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It is not unusual in Science Fiction for a disembodied human to be on spaceship.

Either the brain is removed from the body; kept alive artificially and often connected to the ship directly. Alternately the humans brain is transferred into computer, there is no organic component.

The first, a disembodied brain is at least theoretically possible with today's science. Ethical consideration make implementing/testing unlikely currently.

Sending one or a couple disembodied astronauts on a space mission would drastically lower the resource requirements. Less nutrition, less supporting infrastructure, etc.

Ethical considerations aside, from an physical, physics and organic perspective, what would/could the the mission parameters of a mission to an outer planet?

Or less broadly, considered a manned mission to the our Moon, as compared to a disembodied mission to Saturn's moon Titan. Given the decrease in required resources, could the same monetary budget ($), complete both missions?

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closed as primarily opinion-based by GdD, Everyday Astronaut, Organic Marble, Polygnome, JCRM Jul 26 '18 at 16:34

Many good questions generate some degree of opinion based on expert experience, but answers to this question will tend to be almost entirely based on opinions, rather than facts, references, or specific expertise. If this question can be reworded to fit the rules in the help center, please edit the question.

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    $\begingroup$ This is still too broad @JamesJenkins. Many things are technologically possible, but we have no idea how to keep a human brain alive in a jar and have it interface with the outside world for some sort of purpose. The mechanisms to do that are unknown, so how could impact on a mission be assessed? $\endgroup$ – GdD Jul 26 '18 at 14:56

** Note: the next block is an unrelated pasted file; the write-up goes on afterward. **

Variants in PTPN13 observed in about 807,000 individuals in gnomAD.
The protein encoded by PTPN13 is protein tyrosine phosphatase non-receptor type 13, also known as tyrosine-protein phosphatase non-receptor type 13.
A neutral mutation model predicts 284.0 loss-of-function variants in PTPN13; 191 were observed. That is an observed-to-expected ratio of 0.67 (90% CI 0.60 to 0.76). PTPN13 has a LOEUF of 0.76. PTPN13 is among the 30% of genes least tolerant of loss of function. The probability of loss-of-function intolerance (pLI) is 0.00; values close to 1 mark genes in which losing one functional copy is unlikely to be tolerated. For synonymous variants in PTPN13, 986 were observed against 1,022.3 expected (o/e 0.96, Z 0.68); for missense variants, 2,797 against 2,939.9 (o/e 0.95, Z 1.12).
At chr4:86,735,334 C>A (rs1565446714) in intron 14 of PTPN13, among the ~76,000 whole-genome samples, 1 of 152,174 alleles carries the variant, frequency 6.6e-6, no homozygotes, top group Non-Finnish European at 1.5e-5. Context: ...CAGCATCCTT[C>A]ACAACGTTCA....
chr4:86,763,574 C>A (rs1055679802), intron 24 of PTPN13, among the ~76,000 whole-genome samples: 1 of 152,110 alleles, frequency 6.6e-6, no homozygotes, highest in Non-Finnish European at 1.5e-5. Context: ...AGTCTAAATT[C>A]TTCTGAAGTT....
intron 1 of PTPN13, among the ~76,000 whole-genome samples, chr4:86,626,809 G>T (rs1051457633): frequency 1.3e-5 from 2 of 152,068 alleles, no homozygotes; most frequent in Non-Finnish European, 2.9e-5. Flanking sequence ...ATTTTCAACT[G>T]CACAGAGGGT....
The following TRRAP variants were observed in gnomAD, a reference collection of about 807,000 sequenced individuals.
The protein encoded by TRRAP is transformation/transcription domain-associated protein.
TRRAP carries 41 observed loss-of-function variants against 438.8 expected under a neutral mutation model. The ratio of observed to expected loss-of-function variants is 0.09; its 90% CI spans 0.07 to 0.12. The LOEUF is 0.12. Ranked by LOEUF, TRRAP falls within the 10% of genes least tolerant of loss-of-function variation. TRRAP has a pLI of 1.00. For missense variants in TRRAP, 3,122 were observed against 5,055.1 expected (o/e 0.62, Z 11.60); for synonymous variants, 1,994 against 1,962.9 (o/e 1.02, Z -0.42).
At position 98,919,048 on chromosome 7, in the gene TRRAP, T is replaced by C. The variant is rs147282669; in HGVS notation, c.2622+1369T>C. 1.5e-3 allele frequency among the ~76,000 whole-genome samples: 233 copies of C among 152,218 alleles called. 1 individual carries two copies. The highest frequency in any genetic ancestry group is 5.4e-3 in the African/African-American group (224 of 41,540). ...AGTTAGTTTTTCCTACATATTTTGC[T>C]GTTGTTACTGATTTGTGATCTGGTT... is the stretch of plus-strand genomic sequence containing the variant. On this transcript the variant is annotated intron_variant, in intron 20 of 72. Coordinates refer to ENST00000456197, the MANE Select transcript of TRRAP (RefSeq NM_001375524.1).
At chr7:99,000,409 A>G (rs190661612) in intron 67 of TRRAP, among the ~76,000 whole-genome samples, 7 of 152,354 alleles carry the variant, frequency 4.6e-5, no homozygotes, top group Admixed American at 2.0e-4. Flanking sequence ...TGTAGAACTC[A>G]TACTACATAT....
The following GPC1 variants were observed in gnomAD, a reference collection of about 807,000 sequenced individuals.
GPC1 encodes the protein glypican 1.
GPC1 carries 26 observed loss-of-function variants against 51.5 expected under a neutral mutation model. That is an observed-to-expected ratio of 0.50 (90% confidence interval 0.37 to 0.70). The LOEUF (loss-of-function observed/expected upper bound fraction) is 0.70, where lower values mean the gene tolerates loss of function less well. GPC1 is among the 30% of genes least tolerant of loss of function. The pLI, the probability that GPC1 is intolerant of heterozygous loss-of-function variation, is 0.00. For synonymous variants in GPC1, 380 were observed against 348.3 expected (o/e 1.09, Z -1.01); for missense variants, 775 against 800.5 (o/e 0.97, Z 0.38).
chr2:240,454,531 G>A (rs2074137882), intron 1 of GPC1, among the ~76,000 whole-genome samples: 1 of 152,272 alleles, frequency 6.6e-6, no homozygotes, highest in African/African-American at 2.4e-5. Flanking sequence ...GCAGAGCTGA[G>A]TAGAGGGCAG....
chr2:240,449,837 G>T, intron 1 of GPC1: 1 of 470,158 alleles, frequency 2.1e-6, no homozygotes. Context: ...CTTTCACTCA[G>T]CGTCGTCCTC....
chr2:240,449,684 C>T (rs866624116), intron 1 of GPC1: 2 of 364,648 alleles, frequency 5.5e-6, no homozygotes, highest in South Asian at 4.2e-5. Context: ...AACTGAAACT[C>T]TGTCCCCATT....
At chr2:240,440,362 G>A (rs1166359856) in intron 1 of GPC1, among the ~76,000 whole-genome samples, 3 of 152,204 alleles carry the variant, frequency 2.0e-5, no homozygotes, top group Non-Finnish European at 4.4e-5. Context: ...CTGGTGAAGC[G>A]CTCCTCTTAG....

• $\begingroup$ See also the Larry Niven stories "Becalmed In Hell" and "The Coldest Place", featuring an interplanetary spaceship controlled by a brain-in-a-jar but including a human crew member as well. $\endgroup$ – Russell Borogove Jul 26 '18 at 15:12
  • $\begingroup$ This is not too broad, but primarily opinion based. You should fix more variables, i.e. how much energy is needed to sustain the brains, and what's the weight of the machines needed to do this and all the other tasks humans would usually do. $\endgroup$ – Everyday Astronaut Jul 26 '18 at 15:23
  • $\begingroup$ Voting to close as too far out. No one has demonstrated keeping a brain alive and interfaced on Earth, much less in a spacecraft. $\endgroup$ – Organic Marble Jul 26 '18 at 15:30
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    $\begingroup$ @uhoh if you can edit the question to make it fit better, Please do. $\endgroup$ – James Jenkins Jul 27 '18 at 10:10
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To answer the last part of your question: Yes, a disembodied crew visiting a place like Titan would reduce costs, mostly for life support. It would also allow better decision-making, since AI isn't quite as good as humans are... yet.

But there are a couple limits: 1) When you factor in development costs of the brain-machine interface, it could get really expensive. 2) You would likely have a large, nuclear-powered ship for such a journey. If you do, life support only takes a fraction of your energy budget in the first place, so any improvement to energy efficiency would be small. (Most power would be used to accelerate the ship's mass.)

Source: I watch a lot of Science and Futurism with Isaac Arthur

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    $\begingroup$ Development costs of the brain-machine interface would be used very broadly and should not be considered dedicated to this mission. You wouldn't say that some 70 years of automotive development costs have to be assigned to the lunar rover. $\endgroup$ – Everyday Astronaut Jul 26 '18 at 15:20
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It all boils down to weight ratio:

  1. How many kg of payload are currently needed to get an average human to the moon and back? Here, payload means the payload of the return capsule plus all mass that was left behind during the mission, except for propellant.
  2. By what factor could this number be reduced with the assumed "disembodiement" (is that a word?) technology?
  3. How much would a crewed mission cost? Assume any number, say, 3 people.
  4. Reduce these costs by the factor that's the answer to point 2. Alternatively, you could get factor as many brains to the moon for the same costs.
  5. Generalization to Titan is straight-forward but cost estimates are probably less reliable.

Point 2 is key, since the answer heavily relies on imagination as of today.

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